Sean Penn raises money for Oakland arts school

Last night, the Oscar-winning Sean Penn was at the Fox Theater, helping to raise $1 million-plus for Oakland School for the Arts. (Meanwhile, I was at a school board meeting, listening to discussions of multi-million dollar deficits and the erosion of adult education programming for the elderly.)

photos by D. Ross Cameron/Tribune staff

Katy Murphy

Education reporter for the Oakland Tribune. Contact me at kmurphy@bayareanewsgroup.com.

  • Jim Mordecai


    The 226 teaching jobs that have been cut were classes not only for the elderly but the disabled. Yet, the Adult Ed program has currently a surplus of millions. The cuts are based on the Administration looking at three year projection and needing millions for upgrading the adult education facility.

    The question that arose during the discussion of these cuts by the School Board was who was responsible for compliance upgrades including wheel chair access to the Edward Shands facility? It seems adult ed money was used to buy the adult ed facility and turning the facility over to the District was how a deficit in the adult ed budget was resolved a few years back. Since the District now owns the facility it could be argued that the District needs to pay for the facility upgrades. Not having to pay for the upgrades would free up reserve money to bring back many of the teachers and program cuts. There may even be State money that could help pay for the required upgrades that would not be available to adult ed.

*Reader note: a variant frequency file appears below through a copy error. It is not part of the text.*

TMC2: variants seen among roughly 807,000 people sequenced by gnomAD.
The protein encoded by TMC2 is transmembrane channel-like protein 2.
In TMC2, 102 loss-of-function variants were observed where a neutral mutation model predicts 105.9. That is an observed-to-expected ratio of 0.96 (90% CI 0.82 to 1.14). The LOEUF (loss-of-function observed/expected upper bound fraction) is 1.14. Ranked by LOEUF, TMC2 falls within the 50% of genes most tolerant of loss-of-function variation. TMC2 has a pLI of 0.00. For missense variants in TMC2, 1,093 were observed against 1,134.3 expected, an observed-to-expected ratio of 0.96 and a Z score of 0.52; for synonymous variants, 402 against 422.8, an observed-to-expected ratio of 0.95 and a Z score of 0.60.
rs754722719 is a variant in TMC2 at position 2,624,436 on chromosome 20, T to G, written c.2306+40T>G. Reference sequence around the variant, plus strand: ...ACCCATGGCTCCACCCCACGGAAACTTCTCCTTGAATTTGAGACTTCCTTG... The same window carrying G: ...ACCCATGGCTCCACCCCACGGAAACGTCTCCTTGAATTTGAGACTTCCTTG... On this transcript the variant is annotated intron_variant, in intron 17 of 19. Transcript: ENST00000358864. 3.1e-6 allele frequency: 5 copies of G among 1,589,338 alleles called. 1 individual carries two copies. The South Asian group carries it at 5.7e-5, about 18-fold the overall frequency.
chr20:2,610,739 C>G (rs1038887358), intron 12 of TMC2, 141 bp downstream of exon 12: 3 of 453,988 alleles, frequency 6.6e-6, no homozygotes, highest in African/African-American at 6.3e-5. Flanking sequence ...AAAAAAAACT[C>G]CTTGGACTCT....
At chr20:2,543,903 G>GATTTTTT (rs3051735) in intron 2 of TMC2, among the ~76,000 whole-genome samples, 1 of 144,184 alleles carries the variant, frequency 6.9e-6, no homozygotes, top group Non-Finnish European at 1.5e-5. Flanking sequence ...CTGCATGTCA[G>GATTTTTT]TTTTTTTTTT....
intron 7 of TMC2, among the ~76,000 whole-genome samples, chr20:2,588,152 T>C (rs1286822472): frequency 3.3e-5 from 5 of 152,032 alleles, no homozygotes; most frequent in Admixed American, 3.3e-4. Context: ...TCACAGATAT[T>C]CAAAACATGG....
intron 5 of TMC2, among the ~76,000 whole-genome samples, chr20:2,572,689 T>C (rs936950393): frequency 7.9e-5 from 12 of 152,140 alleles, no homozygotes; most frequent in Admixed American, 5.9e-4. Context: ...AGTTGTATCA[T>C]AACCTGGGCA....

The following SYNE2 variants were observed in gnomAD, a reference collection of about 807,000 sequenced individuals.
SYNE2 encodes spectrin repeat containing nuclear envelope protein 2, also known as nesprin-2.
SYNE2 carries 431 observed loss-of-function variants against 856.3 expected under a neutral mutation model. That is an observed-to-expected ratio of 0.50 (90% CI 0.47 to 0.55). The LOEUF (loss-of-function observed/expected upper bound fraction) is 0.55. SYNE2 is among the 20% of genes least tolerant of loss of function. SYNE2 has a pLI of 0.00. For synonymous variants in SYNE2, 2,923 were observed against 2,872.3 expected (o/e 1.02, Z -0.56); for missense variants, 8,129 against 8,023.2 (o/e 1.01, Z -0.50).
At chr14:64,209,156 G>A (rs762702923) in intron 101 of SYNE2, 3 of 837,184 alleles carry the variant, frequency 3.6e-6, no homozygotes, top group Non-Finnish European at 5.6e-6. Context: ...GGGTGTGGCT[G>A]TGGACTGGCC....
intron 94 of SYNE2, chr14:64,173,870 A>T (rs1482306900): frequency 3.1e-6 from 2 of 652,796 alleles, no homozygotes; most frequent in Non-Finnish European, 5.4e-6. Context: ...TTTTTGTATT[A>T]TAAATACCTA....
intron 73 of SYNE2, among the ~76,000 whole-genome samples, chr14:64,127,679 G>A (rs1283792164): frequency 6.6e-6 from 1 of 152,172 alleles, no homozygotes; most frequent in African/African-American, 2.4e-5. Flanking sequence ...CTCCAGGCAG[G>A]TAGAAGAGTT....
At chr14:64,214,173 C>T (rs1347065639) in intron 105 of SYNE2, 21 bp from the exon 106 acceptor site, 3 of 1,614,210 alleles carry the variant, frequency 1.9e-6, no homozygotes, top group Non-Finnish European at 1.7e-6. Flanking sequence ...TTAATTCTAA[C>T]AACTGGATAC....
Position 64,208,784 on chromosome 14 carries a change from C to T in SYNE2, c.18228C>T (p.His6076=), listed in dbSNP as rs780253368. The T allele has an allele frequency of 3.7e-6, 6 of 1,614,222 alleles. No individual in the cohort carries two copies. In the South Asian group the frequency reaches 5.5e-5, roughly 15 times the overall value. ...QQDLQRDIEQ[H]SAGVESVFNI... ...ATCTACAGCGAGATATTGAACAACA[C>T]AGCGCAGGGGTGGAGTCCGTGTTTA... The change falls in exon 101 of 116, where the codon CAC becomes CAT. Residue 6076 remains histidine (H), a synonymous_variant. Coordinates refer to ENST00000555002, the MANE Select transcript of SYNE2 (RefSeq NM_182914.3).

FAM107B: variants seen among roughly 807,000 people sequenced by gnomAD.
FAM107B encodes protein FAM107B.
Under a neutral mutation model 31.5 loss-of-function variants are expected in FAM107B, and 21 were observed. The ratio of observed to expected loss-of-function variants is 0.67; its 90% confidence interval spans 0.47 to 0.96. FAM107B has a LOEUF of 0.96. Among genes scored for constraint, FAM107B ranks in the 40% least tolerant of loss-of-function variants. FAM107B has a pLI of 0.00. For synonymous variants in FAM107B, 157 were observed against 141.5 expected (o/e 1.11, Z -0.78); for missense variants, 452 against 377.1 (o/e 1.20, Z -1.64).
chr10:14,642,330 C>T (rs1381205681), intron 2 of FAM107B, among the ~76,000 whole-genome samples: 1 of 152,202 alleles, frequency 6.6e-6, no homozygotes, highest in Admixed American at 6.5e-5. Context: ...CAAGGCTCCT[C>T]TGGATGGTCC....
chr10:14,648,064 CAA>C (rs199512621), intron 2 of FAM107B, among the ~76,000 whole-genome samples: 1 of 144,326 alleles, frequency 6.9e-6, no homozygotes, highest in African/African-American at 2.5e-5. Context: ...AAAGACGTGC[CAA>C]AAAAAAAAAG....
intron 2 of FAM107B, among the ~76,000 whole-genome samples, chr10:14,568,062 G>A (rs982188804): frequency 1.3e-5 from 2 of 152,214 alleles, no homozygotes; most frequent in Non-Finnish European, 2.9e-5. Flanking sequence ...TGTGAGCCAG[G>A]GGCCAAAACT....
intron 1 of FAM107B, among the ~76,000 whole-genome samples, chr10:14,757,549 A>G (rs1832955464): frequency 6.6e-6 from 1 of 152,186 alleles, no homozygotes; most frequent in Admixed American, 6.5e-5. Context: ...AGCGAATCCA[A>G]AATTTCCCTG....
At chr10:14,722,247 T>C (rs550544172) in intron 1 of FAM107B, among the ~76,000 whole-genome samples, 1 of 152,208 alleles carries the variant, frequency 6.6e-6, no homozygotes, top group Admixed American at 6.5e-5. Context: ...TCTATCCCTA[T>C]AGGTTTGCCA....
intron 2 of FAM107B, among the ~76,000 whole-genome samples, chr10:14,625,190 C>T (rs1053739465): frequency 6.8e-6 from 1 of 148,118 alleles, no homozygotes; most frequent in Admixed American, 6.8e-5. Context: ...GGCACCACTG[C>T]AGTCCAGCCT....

But, there is a question remaining in mind as to whether the administration and the School Board wants to restore the cuts in the disabled and elderly programs as the State no longer is funding adult ed in the same fashion.

    Adult Ed had been funded by ADA and the more that attended the more money available. Money for adult ed was a protected categorical with the money only be allowed for Adult Ed. Now under the Arnold’s budget flexibility the adult ed money is no longer protected categorical money and the District receives a block grant of general funding based on how much adult ed received last year minus a percentage cut that I can’t recall. This change in funding means adult ed does not have much of a future.

    And, it also means with the funding flexibility theDistrict could make money by keeping a small adult ed program and using the former adult ed monies for other K-12 programs. Cutting the adult ed program could provide ongoing pay raise for other teachers at the expense of adult ed.

    Teachers should be clear that they do not want adult ed money to pay any part of a raise. And, I am sure that most teachers would not want to cannibalize adult ed to pay for a pay raise let alone end services to the disabled and the elderly.

    Jim Mordecai

  • ProStudent

    Are public schools (not charter schools) able to raise $1M like that? Why did Sean Penn choose OSA (or how did OSA recruit Sean Penn) and not McClymonds or Oakland Tech or Frick?

  • Katy Murphy

    They might – if they had Jerry Brown’s connections at their disposal. Brown, who started OSA, told me that he just called Penn up and asked him to come.

  • Nextset

    The Charters are fringe schools, able to publicly identify with special interests and appeal to a specific band of the public (The “Arts”, Indians, Flavor of the Month, etc). It may be easier for them to publicly raise money than a public school that only identifies with a neighborhood like Montera, or a regional school such as Oakland Tech or Skyline.